LCC III - Messaging

Back in October I started what I thought would be a relatively easy, if perhaps a bit long, post on messaging in LCC. I was trying to cover it in detail, explaining how the ideal LCC had to be adapted on CAN Bus. That proved distracting and I put that material aside to just focus on the basic messaging capabilities of LCC rather than the implementation on CAN Bus, at least to the extent I could.

In the process of doing this, I've managed to chase myself in circles more than a few times. The LCC standards are very confusing, even by NMRA standards. We're talking about documents written by volunteers rather than professional standards-writers, and generally without a whole lot of editing. I've been reading NMRA standards for more than 25 years and I'm used to having to work at it to puzzle out the actual meaning. But still, the lack of clarity in the LCC documents is exceptional.

I'll detail problem areas throughout this post, but it basically boils down to things either being omitted entirely from the documents or being covered in one of the other technical notes than the one you’d expect. And there's a fair bit of using two different names for the same thing and, conversely, using similar names for two different things.

The revised post is about messaging in LCC and what you can do with it now, and additionally I'm coming at this as a review of the LCC standards, not anything external to them. The OpenLCB team has written a lot of words about OpenLCB, and that’s often helpful, but what matters in a standard is what's actually incorporated in it, either directly or by reference to or citation of an external document.


LCC II - How It Works - Physical

This is the second in a series of posts on the NMRA's new Layout Command Control (LCC) standards. The first post covered the reasons why a control bus, and specifically LCC, were important, as well as providing a fairly high-level view of how LCC works. Today we'll get into some very specific details regarding the physical aspects of the network, specifically the CAN Bus wiring and usage. Next time, I'll cover the actual messaging on the network (i.e., what you can do with it).

LCC I - Layout Command Control

Three years ago, in 2012, the NMRA published their first standard related to a layout control bus, at the time known as NMRAnet. This was standard S-9.7.1 NMRAnet: CAN Physical Layer, which defined the electrical characteristics of the bus (e.g., details of the wire, connectors, bit rate, and voltage levels). Several companies were producing useful circuit boards based on the standard, although their functioning depended on capabilities not adopted at that time.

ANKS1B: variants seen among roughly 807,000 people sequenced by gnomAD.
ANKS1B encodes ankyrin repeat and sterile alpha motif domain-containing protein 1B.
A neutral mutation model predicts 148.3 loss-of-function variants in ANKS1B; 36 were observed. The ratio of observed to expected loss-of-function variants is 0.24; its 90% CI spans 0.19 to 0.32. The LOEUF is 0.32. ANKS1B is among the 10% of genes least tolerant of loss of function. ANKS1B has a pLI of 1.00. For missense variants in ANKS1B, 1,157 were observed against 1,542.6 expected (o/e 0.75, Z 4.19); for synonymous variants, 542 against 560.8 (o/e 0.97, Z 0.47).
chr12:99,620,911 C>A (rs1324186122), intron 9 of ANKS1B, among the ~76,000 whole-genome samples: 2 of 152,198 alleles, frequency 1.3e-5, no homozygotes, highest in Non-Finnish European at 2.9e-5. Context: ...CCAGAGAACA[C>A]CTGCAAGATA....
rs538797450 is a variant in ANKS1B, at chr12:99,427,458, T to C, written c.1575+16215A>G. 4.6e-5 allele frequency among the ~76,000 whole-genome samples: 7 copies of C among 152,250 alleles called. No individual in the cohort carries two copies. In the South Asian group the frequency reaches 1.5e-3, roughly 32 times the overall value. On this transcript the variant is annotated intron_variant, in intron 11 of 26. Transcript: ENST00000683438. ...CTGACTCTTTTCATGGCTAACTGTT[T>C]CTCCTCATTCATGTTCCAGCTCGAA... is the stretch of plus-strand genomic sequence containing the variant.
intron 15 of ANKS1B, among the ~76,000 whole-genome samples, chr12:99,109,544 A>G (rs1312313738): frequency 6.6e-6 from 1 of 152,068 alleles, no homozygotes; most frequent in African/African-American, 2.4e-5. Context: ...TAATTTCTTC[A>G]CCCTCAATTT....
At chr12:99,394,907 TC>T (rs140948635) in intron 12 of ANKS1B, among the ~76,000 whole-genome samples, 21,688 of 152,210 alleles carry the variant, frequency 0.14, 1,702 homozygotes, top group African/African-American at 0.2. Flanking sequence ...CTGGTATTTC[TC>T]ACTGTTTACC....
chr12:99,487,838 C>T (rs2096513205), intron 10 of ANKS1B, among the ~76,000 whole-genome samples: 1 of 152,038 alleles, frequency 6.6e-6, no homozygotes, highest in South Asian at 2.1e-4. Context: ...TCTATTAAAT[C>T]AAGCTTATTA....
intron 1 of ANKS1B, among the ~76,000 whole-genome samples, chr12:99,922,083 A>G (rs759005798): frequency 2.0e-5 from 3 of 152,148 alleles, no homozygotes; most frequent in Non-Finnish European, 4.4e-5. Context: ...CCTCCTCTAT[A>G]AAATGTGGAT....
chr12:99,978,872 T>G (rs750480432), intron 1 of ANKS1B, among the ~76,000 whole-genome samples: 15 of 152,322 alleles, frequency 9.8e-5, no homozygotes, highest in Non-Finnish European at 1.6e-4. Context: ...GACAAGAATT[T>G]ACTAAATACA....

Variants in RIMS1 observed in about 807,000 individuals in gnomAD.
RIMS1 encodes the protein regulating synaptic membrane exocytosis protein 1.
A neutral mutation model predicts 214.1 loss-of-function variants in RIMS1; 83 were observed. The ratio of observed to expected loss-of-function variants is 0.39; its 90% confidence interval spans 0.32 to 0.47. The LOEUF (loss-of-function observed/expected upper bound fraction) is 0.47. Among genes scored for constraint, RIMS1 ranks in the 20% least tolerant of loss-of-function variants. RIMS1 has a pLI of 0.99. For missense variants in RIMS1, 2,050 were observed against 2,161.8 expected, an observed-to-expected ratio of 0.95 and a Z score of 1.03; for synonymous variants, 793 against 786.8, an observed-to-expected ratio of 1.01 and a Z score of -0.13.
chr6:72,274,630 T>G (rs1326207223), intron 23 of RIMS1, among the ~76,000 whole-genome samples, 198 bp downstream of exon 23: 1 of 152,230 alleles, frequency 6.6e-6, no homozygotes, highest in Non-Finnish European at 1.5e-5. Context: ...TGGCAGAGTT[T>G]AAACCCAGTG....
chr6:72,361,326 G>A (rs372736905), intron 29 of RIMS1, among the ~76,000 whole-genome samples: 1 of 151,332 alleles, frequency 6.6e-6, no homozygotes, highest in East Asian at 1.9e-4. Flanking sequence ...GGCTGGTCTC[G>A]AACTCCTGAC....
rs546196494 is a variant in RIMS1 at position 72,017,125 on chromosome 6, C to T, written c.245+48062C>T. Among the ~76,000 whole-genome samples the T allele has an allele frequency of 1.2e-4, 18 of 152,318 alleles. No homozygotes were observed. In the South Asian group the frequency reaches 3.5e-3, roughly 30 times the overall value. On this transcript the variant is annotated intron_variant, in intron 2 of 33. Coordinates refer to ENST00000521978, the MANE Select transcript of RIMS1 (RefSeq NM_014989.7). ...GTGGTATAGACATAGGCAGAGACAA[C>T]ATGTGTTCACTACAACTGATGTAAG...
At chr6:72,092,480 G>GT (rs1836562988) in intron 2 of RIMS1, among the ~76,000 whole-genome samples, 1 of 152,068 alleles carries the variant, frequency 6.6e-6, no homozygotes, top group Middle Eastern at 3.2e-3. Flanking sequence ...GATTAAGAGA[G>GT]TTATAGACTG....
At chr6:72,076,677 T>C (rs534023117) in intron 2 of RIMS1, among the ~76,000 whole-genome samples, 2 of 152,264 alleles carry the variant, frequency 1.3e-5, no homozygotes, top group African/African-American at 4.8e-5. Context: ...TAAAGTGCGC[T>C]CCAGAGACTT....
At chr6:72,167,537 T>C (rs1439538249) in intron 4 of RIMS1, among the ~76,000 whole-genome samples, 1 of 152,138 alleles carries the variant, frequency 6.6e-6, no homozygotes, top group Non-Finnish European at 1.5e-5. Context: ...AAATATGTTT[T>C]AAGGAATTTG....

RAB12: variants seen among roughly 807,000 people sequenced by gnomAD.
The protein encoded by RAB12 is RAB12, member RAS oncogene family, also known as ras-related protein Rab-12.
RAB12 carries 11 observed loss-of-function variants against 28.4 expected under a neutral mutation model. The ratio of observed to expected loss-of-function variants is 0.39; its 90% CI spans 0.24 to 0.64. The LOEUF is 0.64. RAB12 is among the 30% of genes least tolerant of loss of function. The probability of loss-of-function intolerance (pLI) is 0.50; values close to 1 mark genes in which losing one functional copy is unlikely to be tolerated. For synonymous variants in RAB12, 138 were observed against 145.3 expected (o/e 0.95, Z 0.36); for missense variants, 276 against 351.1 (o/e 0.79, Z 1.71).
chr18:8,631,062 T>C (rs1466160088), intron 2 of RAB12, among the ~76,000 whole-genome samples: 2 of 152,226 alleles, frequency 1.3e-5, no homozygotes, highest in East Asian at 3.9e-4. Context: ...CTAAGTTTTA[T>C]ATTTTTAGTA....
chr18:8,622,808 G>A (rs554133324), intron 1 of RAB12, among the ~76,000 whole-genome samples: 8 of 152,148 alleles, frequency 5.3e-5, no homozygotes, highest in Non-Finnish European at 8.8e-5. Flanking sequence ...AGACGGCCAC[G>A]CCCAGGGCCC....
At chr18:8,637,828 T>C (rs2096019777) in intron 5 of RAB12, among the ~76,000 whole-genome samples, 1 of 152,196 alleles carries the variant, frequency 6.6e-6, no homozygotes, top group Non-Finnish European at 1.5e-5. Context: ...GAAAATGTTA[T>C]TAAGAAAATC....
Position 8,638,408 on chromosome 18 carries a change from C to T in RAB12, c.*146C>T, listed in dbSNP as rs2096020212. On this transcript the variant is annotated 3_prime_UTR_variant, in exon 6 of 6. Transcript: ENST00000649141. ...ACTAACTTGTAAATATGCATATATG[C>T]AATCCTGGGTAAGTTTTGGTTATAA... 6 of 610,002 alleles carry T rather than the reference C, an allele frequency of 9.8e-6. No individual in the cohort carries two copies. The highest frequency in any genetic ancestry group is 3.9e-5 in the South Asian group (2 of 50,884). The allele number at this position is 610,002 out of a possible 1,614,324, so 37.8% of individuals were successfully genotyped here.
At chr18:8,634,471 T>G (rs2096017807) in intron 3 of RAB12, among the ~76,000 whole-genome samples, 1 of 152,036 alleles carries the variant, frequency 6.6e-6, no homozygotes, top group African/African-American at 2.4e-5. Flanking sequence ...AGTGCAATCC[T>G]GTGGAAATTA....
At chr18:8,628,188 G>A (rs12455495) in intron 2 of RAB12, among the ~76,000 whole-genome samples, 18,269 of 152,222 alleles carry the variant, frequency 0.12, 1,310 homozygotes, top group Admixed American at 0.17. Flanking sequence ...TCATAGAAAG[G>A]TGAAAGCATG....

This standard, and the not-yet-adopted parts used to make the first implementations, were based on something called OpenLCB, which stands for Open Local Control Bus (not "Layout Control Bus"). Open LCB was one of several competing proposals for NMRAnet. The OpenLCB team demonstrated how this would work at the 2010 NMRA convention, and has a page of videos and other information from then. Over the subsequent two years it came out on top as the solution of choice. However, some of the potential demonstrated there does not seem to be fully fleshed-out in even the current standards. We're not done with the development of LCC by any means.

But we have had significant progress this year. Back in February the NMRA adopted 21 additional documents, 10 more Standards and 11 clarifying Technical Notes. They also renumbered them slightly, and changed the name to Layout Command Control, or LCC. These were formally adopted with a six-month comment period that ended on September first. Updates based on those comments are still possible, so the standards aren't quite done yet, but they're probably very close to their final form.

NMRAnet - Why You Should Care